Despite the persistent summer heat, school is back in session. For seniors, this means that the college process has begun. This can be a daunting experience for seniors, who must find a balance between focusing on senior classes and preparing for that next step in their lives. While teacher recommendations are out of students’ hands and standardized testing is winding down, there’s one aspect of the application process that seniors have not yet been exposed to: the college essay.
Connor Gerspacher (’19) said, “At this point, I’ve tackled most of the various parts of the college application. The only thing that’s still stressing me out is the college essay. I just don’t really know where to start.”
The college essay is designed to be short: 650 words at most. While most colleges accept the Common App essay, some have their own required prompts. Through the essay, colleges are looking for a snapshot of what the applicant is like as a person.
Gilmour’s new college counselor, Mr. Dan DeCrane said, “I think that sometimes with the essay, students pressure themselves to put on a huge show, dramatically recounting some awesome achievement. That’s not necessarily what colleges are looking for. They’re looking for, obviously, the student’s ability to write, but also what kind of person this 18-year-old is, and whether they would fit into their school.”
While most colleges require an essay, some larger schools, such as the University of Alabama, do not. If unsure, seniors can check the colleges’ websites, as well as with their college counselor to see if the schools of their interest require an essay.
Luke Shepherd (’19) said, “One of the things that I don’t know about the essay is how much weight it has in comparison to other parts of the application, such as GPA and recommendations.”
Mr. DeCrane would like students to know that the essay does not trump grades and test scores in terms of importance to colleges. However, it still lands fourth or fifth amongst the most important parts of the application. Furthermore, studies show that between In general, colleges consider the essay an influential part of the decision-making process.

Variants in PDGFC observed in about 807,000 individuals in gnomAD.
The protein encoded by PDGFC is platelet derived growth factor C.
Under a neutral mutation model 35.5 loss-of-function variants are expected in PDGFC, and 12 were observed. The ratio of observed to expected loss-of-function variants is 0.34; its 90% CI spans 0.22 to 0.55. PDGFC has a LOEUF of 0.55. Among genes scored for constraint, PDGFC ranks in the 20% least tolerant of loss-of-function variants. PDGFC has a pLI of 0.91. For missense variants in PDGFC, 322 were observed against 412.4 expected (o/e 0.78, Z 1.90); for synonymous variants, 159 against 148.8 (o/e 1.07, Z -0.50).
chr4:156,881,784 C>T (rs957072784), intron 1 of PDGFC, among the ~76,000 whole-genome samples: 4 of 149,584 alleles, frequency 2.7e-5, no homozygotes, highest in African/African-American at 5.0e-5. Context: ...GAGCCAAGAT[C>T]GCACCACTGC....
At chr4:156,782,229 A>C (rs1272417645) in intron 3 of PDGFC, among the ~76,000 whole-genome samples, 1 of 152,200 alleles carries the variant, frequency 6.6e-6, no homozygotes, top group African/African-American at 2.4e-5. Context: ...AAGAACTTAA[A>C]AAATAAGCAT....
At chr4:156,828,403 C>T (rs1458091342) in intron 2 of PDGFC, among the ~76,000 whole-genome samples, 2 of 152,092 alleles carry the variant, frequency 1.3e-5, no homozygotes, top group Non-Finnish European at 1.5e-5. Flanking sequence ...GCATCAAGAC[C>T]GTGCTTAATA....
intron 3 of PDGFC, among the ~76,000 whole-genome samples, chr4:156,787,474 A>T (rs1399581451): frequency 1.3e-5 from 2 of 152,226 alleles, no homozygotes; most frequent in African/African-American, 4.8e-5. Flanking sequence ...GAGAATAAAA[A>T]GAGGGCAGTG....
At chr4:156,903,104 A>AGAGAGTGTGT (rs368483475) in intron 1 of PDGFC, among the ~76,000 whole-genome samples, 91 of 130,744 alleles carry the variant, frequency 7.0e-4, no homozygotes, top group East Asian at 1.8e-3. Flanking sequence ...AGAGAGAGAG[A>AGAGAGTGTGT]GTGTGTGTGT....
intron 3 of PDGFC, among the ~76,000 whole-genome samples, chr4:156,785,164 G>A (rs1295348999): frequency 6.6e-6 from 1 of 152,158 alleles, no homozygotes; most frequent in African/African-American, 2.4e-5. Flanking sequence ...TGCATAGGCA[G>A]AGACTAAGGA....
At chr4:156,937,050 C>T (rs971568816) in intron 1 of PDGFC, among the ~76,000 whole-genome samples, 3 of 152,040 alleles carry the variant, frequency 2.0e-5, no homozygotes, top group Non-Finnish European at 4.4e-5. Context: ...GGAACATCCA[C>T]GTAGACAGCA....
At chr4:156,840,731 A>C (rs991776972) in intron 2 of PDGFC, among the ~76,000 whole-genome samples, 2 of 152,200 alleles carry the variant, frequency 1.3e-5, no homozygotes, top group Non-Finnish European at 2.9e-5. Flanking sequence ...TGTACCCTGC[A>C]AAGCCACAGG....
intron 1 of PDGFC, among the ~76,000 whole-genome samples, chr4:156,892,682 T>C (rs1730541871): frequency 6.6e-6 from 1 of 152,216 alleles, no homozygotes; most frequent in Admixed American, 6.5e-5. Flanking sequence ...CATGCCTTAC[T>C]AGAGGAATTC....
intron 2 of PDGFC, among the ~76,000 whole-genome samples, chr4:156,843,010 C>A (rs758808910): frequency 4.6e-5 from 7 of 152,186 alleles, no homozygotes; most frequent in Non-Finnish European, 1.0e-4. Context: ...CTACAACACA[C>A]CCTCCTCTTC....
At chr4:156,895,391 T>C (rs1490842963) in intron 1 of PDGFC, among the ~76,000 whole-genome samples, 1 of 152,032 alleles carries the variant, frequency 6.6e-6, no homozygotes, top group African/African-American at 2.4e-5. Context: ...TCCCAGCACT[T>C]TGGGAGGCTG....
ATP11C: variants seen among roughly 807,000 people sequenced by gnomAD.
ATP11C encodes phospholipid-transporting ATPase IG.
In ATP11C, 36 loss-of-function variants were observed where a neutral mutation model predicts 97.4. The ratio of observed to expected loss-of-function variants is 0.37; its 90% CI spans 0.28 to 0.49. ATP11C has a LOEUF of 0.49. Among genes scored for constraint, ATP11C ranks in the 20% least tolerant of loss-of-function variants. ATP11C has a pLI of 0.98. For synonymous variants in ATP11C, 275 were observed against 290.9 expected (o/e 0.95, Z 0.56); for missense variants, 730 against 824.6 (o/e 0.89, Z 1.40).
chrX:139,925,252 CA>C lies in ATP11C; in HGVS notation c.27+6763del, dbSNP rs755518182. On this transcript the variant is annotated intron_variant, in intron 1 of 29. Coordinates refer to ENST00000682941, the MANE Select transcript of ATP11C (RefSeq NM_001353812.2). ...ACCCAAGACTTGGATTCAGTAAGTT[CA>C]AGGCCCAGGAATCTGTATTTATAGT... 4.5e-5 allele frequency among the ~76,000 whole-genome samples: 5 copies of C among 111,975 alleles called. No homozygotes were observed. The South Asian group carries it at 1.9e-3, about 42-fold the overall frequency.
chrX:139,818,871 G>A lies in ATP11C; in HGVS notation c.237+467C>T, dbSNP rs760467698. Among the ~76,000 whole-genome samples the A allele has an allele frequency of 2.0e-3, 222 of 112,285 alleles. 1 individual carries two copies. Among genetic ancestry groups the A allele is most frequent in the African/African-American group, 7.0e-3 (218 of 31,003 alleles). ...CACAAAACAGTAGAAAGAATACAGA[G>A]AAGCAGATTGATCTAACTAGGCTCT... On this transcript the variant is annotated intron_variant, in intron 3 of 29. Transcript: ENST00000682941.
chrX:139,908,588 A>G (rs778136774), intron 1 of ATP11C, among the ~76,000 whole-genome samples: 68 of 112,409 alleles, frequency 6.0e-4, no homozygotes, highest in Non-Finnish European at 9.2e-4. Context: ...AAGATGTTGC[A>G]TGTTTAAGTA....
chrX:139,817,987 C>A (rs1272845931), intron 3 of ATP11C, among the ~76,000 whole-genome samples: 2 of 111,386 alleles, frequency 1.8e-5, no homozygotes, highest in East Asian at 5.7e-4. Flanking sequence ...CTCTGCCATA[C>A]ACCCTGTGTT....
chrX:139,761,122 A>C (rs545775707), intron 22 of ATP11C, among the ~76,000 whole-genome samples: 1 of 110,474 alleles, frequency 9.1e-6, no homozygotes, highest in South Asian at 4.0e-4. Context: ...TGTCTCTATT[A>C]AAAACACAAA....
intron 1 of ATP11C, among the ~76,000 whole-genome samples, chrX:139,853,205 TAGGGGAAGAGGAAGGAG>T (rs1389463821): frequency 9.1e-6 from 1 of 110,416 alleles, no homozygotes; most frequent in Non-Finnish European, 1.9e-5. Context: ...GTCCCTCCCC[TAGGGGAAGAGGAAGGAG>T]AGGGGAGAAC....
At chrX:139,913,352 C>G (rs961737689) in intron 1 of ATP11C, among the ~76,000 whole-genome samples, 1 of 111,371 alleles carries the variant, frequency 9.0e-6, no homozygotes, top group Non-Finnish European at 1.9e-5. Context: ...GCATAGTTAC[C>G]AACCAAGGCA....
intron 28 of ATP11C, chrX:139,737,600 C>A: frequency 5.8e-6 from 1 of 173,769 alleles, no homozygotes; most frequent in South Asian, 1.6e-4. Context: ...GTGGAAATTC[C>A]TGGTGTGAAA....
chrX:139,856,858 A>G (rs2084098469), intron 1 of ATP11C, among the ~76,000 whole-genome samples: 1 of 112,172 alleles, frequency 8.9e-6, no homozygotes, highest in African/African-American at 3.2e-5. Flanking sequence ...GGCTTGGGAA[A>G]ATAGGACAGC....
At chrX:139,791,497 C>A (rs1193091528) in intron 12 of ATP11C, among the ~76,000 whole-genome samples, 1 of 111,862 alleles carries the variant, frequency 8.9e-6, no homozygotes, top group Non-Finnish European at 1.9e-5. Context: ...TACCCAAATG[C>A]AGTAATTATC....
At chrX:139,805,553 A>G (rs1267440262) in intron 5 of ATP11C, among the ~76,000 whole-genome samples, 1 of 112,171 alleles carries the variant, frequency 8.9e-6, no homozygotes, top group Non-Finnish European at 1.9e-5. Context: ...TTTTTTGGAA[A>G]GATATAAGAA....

Students should avoid using the essay to explain away weak spots in their application. This is one of the most common, and most ineffective, approaches to the essay. Colleges prefer a much more positive approach to students’ compositions. Seniors should strive to infuse personality into their writing in order to spark the interest of admission officers. Students should ask themselves, “What characterizes me as a person?” This could mean writing about an impactful experience or an activity that students are passionate about.
As with any composition, one of the most crucial aspects of the essay is the introduction. Students should try to grab the reader’s attention from the very beginning. Admission officers are reading thousands of essays, so it is important to make the essay stand out. Seniors should also be careful to stay on topic and be specific about a certain topic, rather than listing many.
The college counseling department is prepared to guide students through all parts of the writing process, from brainstorming to proofreading. Seniors can and should utilize some of the many opportunities that Gilmour has provided as aid for them. Throughout September, time has been set aside during English classes to work on college essays. Seniors use this time to write, and ask their English teachers for help if needed.
Students are encouraged to utilize the Writing Center in the library if they need assistance in smoothing out the mechanics of the essay. Ms. Tracy Stockard, Director of College Counseling, said seniors are always welcome to visit with the college counselors for any help related to the college essay.
The College Counseling department is hosting a free application workshop on Sunday, September 23 from 5:00 to 7:00 pm. The college counselors will be available for assistance with completing all aspects of college applications, including the essay, at this event.
The due date for the essay coincides with college application deadlines. While most early action applications are due in November, the actual deadlines vary. Students should be aware when they must have their essay done in order to prepare accordingly.
Mr. DeCrane often advises students and parents “that the more you put into something, the more you will get out of it. It’s the same with the college application process.” Starting early and hitting the ground running is key to crafting a strong essay that could make all the difference to colleges.